Loosely translated, today she is known as Goddess of Writing, as well as Learning, and of Creative Problem-Solving. These admired traits are found in all of us, as we pursue our quest of all kinds of typewriters, be it historical, repairing, writing and researching. We are here today because of her influence, sharing our collections and background information for the future. As my presentation is about teaching typewriters, I find her an appropriate choice to share with you, to inspire you in your quest! 

Below her, is a banner in written in Latin, which translates to: Creativity (aka Creative Endeavors) Opens Many Doors. If anything, I found in all areas in my life, that Creativity truly does opens doors, allowing you to meet all kinds of people; people I wouldn't ordinarily meet on my own. It's my hope I can enlighten you further, in a fun way. ;o)

Slide04: History Lesson #01, Typers become TOYS!, Interactive Experience

As with any culture, what the parents do, the children want to emulate! (Toy) Typewriters are no exception. Playtime is crucial to great child development, and with it, expanded knowledge and skill to participate in various areas of life as they grow up.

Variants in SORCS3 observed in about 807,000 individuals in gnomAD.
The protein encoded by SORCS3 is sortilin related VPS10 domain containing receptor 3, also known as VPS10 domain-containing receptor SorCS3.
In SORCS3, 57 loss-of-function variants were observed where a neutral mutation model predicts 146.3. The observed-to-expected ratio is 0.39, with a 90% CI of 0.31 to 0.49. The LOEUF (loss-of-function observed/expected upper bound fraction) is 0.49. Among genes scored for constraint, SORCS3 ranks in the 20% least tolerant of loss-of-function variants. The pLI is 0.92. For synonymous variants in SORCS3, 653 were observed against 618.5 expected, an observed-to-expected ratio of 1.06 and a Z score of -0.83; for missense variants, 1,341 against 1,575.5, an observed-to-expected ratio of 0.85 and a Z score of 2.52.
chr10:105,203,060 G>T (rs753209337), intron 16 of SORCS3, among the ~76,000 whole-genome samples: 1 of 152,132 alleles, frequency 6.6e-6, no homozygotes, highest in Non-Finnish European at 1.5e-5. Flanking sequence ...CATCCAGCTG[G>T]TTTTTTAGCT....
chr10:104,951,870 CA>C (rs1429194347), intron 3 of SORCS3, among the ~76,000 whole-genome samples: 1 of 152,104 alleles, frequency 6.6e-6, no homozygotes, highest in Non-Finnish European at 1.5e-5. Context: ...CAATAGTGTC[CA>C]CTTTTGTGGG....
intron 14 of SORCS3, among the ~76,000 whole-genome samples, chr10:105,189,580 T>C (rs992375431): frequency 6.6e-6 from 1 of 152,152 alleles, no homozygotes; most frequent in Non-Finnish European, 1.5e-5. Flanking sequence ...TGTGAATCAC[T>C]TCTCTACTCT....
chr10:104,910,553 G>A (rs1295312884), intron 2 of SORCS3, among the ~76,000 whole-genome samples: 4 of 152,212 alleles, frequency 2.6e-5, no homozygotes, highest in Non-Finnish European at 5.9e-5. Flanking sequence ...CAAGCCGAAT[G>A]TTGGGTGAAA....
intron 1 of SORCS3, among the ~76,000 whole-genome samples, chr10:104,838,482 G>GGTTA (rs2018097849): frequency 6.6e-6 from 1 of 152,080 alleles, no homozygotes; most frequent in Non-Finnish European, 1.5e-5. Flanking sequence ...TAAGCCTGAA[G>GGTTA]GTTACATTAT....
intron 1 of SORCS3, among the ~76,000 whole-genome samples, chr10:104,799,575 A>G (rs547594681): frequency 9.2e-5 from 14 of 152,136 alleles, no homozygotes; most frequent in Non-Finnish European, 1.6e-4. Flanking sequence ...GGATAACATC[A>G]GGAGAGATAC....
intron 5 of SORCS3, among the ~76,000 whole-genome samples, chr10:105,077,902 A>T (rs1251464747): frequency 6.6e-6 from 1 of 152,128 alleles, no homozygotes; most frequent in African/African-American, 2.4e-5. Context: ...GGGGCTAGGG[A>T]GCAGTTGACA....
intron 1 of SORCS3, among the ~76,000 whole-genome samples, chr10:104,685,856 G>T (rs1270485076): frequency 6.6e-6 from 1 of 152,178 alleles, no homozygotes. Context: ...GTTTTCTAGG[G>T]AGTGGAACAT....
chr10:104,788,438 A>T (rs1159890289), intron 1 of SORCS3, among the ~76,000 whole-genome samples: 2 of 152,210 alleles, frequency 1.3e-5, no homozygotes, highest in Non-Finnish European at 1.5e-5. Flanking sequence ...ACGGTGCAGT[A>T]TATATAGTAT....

Interactive Experience(s) is engaged learning situations; how several variables works together to accomplish one or more things that helps you in other areas. What's interesting, that very few people know about, is that when you learn one thing, the information is transferable in other areas, quite akin to cross training! Studies have indicated that musicians of instruments excel in different areas like languages and mathematics. The actual skill you acquire is the ability to be flexible, and adapt accordingly. Namely, creative problem solving.

When a child learns how to type, he/she is burning new passageways in the brain to store this knowledge. The more passageways you have, the more accessible your brain becomes in acquisition of new experiences, and with that, increased knowledge, skill or expertise. 

I'd like to call this phenomenon, 'Invisible Learning,' as it is not immediately apparent that the child, nor adult for that matter, does learn unique ways or patterns to expand oneself. But, given time, you can observe this phenomena in action!

Slide05: History Lesson#02, Show n' Tell, 1920s Typers

With this in mind, teaching typewriters have a special depth, for both child and adults alike. Let's go down history lane and check out what existed over the years, beginning with 1920s typers. I have three examples to show you:

Slide06: 1920's Typer#01: Index Typers--Gunka, Scripto, Frolio, "MW" to share a few